Have you ever looked at something, but not taken the time to really see it?
Case in point. I drive by Sixth and Iowa all the time, but there was this moment this summer where I saw something for both the first time and the millionth time. You may know that there are a bunch of hotels there on that corner, but when I drove by on my way from one place to another, I saw one that I had never noticed before. It wasn’t new. And no one tore down a building so that I could see it for the first time. But I –and we – spend so much time looking without seeing. Driving by from one place to another without really stopping to see what we are looking at. On one hand, it is a symptom of our busy lives, filled with so many activities and so many distractions that we aren’t really seeing what we are looking at. But perhaps there is a timeless quality to this looking without seeing. I think it is more than just cellphones and music on our car radios. I think that it is often hard for us to slow down enough to really see the world around us.
I would suggest, for example, that this is the case in the time of Jeremiah. Jeremiah was a special prophet in that he lived and spoke on behalf of God over a long period of really important events in the life of the nation of Judah. He was a prophet during the last years before the Babylonian Exile, where the armies of Babylon destroyed the capital of Jerusalem and moved its inhabitants as exiles back to Babylon with them. Jeremiah tried to tell the people that this destruction was coming, and he worked to tie it to God’s anger at them for worshipping other idols and failing to keep the covenant, for failing to take care of the poor, to release those in debt…all these things that they had promised to do and basically failed to accomplish. For a few years, his words had an impact. The king Josiah listened and tried to return the people back to the covenant. But by the time that chapter 18 rolls around, Josiah is dead and the next kings have no interest in continuing these reforms. So, Jeremiah is back to telling the people the bad news: that their unfaithfulness is leading to the destruction of their society, and eventually to the destruction of their nation.
But, the people cannot see the truth of his words. It’s like they are driving by the Econolodge every day, but don’t even notice what they are looking at. They are missing the signs right in front of their noses. In fact, if you read the whole book of Jeremiah, you’ll see that he is fighting against these other prophets, who tell the people what they want to hear: “Oh, the Babylonians will not hurt you.” Or “Egypt will be our savior…they will take care of us.” Or “Sure, Babylon might rough us up a little bit, but it’ll only be a couple of hard years, and then we’ll be back to normal.” They listen to these words and it blinds them to the truth. It feels good because it is what they want to hear. So they are willfully looking but not seeing.
So, Jeremiah has to step up his game here in chapter 18. And the way that he does this is a picture. An image. Teachers have for generations used images as a way to share truth. Aesop has his fables where stories about animals taught these morals. Of course, Jesus was known for teaching using images: the kingdom of God is a mustard seed or a flock of sheep or a woman cleaning her house to find a coin. Later the book of Revelation will use images of dragons and lambs and four-headed beasts to teach about the current political situation. So, Jeremiah is in a long legacy of teachers who use images to make a point. And the book is filled with these images. There are baskets of figs, and wine jars, and a yoke for oxen, and soldiers and war horses, and loincloths. And today, this beautiful image of a potter and the potter’s wheel.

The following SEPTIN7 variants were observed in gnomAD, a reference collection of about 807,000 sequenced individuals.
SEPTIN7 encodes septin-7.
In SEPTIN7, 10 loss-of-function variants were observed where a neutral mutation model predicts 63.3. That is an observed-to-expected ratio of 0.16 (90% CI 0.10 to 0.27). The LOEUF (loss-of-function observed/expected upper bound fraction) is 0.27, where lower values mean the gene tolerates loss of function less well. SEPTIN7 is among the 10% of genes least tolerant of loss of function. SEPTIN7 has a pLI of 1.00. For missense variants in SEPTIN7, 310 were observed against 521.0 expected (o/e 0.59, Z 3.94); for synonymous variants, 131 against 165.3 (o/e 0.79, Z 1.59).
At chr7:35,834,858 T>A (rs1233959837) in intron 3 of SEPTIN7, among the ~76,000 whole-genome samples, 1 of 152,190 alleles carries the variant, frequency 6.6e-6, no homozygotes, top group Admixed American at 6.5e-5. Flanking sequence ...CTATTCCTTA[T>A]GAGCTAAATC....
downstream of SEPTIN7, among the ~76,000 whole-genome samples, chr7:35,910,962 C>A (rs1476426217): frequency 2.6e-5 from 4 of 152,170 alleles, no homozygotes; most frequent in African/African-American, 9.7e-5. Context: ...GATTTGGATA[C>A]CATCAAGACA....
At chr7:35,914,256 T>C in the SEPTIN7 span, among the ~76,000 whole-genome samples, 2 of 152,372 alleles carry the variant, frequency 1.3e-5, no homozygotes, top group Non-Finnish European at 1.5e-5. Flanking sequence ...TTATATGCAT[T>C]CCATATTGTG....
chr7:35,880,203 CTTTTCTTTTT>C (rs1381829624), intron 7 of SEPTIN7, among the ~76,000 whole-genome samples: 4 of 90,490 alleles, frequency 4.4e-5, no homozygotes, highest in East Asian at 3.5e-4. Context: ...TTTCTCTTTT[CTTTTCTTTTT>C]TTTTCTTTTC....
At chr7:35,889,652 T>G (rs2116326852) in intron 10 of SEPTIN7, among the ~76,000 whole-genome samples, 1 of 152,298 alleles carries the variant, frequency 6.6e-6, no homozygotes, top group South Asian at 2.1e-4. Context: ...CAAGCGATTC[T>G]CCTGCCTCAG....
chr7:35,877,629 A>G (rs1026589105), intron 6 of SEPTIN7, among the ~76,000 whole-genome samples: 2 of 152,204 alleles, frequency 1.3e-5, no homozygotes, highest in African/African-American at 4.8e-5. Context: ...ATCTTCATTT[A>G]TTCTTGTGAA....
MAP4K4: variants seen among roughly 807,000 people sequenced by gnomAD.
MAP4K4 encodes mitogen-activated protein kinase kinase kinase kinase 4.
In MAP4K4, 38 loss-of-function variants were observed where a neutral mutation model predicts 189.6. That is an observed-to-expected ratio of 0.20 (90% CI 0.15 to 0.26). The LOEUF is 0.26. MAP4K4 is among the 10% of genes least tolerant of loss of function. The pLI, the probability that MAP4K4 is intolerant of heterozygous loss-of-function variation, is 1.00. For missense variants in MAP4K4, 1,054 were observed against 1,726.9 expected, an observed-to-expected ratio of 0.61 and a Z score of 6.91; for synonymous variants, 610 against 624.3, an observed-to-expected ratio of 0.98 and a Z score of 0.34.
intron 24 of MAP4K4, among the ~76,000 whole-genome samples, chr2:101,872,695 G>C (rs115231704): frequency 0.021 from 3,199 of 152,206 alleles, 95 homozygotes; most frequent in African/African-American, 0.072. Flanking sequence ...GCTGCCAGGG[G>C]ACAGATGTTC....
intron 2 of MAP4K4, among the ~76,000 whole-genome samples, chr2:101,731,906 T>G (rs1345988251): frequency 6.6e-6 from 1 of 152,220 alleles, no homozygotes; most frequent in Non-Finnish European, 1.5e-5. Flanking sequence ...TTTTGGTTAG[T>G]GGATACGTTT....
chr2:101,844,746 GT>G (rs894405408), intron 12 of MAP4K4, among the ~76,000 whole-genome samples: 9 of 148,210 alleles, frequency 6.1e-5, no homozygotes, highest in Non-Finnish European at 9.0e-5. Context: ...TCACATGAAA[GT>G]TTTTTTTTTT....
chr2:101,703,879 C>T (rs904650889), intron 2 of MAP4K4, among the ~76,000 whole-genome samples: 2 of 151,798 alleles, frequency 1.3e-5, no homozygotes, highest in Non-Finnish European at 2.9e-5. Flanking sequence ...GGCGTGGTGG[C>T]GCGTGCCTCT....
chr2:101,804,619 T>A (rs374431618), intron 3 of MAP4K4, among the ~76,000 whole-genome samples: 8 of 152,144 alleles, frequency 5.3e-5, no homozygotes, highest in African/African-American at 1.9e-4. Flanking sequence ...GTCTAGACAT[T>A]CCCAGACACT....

At the beginning of the chapter, God tells Jeremiah to go to the potter. And when he does, he sees this image of the potter at the wheel. Now, I could imagine there were a ton of images that he could have noticed at the potters shop. Beautiful bowls and jars and vases that have been created and fired and painted with all kinds of decorations. But what Jeremiah noticed was this lump of clay. It was a lump of clay that the potter had started with, but somehow things didn’t go according to plan. The jar didn’t look right or it was lopsided or too big or too small. So the potter changed his mind, took it and crushed it down and started over and made something new and beautiful. And bam…in that moment was the image that Jeremiah was looking for.
Because it was a perfect metaphor for God and God’s relationship with the people of Judah. Here were these people who had messed up. They didn’t care about each other, or especially about the most vulnerable in their midst. So God was ready to take the whole lot of them and throw them in the trash heap. But something stopped God from giving up on the people. And instead, writes Jeremiah, God changes God’s mind. God re-makes them. Starts over. Re-makes something beautiful. Redeems the messed-up lump of clay and makes out of it a beautiful work of art.
For Jeremiah, this is a word of hope. He reminds them that it is a foregone conclusion that Babylon is going to destroy them. But, he says, using this image of the potter, that is not the end of God’s story with them. There will be a re-making. There will be a redeeming. There will be a starting over…IF and when they change their behaviors and act according to the covenant. That is really the main point to this passage, and probably from the book of Jeremiah as a whole: open your eyes; change your ways; receive the transformation that God wants to give you.